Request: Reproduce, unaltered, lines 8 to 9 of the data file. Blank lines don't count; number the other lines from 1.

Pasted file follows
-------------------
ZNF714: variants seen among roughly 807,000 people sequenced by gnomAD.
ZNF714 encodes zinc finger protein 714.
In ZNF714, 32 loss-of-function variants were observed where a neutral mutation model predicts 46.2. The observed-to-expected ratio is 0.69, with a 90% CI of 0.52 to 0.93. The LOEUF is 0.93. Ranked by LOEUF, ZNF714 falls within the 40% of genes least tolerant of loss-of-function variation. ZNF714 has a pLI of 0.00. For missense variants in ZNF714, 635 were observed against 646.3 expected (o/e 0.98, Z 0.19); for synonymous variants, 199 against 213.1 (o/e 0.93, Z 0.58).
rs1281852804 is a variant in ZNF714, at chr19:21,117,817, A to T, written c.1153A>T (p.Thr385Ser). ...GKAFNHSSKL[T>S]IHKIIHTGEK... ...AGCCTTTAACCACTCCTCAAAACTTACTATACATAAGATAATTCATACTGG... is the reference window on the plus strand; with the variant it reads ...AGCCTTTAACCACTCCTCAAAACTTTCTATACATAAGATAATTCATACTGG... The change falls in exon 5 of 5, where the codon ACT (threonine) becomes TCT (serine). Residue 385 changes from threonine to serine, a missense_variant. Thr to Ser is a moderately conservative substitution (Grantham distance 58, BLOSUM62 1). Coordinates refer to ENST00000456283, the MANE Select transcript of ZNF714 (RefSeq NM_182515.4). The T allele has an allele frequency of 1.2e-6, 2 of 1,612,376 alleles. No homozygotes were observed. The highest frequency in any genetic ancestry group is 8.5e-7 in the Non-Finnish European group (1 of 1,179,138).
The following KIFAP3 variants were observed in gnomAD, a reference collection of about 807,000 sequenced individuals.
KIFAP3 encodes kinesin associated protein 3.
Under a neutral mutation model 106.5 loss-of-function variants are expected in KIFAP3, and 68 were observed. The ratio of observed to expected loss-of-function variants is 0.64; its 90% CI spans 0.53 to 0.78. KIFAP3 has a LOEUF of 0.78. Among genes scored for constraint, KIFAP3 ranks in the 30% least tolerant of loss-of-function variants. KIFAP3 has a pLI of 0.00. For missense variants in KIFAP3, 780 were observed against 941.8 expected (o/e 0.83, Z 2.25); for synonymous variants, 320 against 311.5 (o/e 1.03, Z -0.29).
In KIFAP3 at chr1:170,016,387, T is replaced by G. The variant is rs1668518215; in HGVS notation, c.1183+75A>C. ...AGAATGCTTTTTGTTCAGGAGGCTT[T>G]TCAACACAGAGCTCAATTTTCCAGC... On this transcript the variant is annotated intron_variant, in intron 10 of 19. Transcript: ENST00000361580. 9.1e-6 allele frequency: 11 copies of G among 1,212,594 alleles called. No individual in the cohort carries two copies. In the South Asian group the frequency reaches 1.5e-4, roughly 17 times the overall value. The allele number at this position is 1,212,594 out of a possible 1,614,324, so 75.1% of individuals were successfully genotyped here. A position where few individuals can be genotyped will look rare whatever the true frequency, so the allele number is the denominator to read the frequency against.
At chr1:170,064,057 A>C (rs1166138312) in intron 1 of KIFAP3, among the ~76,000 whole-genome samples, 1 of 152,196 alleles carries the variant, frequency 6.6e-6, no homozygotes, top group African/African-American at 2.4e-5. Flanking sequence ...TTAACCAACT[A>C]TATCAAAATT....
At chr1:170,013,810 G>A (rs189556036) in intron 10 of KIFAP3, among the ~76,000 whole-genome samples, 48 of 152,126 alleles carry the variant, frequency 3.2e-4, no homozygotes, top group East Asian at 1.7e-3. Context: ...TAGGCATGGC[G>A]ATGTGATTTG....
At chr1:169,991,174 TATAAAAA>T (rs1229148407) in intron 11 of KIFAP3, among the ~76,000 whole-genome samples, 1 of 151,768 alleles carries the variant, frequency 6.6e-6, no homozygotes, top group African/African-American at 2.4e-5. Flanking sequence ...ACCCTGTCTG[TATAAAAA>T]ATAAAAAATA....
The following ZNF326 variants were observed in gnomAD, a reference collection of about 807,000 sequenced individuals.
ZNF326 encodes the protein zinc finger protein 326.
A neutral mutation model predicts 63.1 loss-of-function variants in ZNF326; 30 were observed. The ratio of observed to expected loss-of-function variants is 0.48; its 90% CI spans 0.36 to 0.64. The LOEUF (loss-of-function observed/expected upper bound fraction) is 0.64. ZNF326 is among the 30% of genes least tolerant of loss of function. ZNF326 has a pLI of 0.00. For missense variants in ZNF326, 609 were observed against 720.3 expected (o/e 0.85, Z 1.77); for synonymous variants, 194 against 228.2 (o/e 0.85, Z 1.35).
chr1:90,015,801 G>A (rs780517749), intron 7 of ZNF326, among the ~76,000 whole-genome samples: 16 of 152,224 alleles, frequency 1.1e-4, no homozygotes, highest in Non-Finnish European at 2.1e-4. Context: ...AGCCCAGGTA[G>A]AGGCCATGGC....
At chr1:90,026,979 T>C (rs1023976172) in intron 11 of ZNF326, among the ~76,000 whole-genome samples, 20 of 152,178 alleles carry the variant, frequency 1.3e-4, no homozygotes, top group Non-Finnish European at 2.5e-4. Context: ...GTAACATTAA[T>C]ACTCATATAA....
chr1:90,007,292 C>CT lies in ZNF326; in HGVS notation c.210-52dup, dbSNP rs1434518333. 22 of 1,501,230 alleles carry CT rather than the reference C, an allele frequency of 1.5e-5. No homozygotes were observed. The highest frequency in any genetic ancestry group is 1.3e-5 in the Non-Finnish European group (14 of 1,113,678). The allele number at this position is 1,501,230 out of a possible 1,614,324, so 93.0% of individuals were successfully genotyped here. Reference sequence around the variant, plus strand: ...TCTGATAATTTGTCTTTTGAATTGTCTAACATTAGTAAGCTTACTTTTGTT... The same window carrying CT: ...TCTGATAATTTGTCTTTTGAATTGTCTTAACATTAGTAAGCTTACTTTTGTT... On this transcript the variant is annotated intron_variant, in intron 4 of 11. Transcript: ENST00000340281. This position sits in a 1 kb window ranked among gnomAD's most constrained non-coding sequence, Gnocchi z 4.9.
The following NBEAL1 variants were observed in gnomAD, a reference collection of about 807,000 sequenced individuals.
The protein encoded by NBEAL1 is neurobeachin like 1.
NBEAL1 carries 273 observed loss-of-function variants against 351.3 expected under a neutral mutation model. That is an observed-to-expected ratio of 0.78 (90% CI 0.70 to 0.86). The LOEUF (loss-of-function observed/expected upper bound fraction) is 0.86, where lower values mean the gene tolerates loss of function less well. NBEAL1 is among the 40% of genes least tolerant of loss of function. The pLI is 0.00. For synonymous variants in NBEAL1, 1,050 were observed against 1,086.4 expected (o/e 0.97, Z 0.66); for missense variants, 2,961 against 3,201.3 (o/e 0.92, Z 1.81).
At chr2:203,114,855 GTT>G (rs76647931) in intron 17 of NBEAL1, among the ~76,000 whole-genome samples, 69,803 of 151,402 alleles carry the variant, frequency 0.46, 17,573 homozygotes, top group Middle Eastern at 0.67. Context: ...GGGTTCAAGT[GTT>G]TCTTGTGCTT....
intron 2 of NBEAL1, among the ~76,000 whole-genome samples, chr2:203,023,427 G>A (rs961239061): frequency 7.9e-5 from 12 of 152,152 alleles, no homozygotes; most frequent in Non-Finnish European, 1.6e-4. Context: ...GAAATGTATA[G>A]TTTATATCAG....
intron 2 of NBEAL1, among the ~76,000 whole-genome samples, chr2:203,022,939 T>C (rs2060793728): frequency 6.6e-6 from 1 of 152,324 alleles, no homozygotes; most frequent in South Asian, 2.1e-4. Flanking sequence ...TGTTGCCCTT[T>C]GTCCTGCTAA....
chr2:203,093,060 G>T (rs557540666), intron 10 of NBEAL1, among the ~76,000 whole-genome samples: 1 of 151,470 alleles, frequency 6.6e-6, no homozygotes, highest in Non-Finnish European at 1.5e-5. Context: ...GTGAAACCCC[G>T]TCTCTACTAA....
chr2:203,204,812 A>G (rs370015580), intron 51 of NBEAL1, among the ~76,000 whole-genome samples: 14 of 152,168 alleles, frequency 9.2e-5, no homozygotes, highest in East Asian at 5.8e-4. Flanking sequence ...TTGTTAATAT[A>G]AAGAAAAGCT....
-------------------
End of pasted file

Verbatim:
In KIFAP3 at chr1:170,016,387, T is replaced by G. The variant is rs1668518215; in HGVS notation, c.1183+75A>C. ...AGAATGCTTTTTGTTCAGGAGGCTT[T>G]TCAACACAGAGCTCAATTTTCCAGC... On this transcript the variant is annotated intron_variant, in intron 10 of 19. Transcript: ENST00000361580. 9.1e-6 allele frequency: 11 copies of G among 1,212,594 alleles called. No individual in the cohort carries two copies. In the South Asian group the frequency reaches 1.5e-4, roughly 17 times the overall value. The allele number at this position is 1,212,594 out of a possible 1,614,324, so 75.1% of individuals were successfully genotyped here. A position where few individuals can be genotyped will look rare whatever the true frequency, so the allele number is the denominator to read the frequency against.
At chr1:170,064,057 A>C (rs1166138312) in intron 1 of KIFAP3, among the ~76,000 whole-genome samples, 1 of 152,196 alleles carries the variant, frequency 6.6e-6, no homozygotes, top group African/African-American at 2.4e-5. Flanking sequence ...TTAACCAACT[A>C]TATCAAAATT....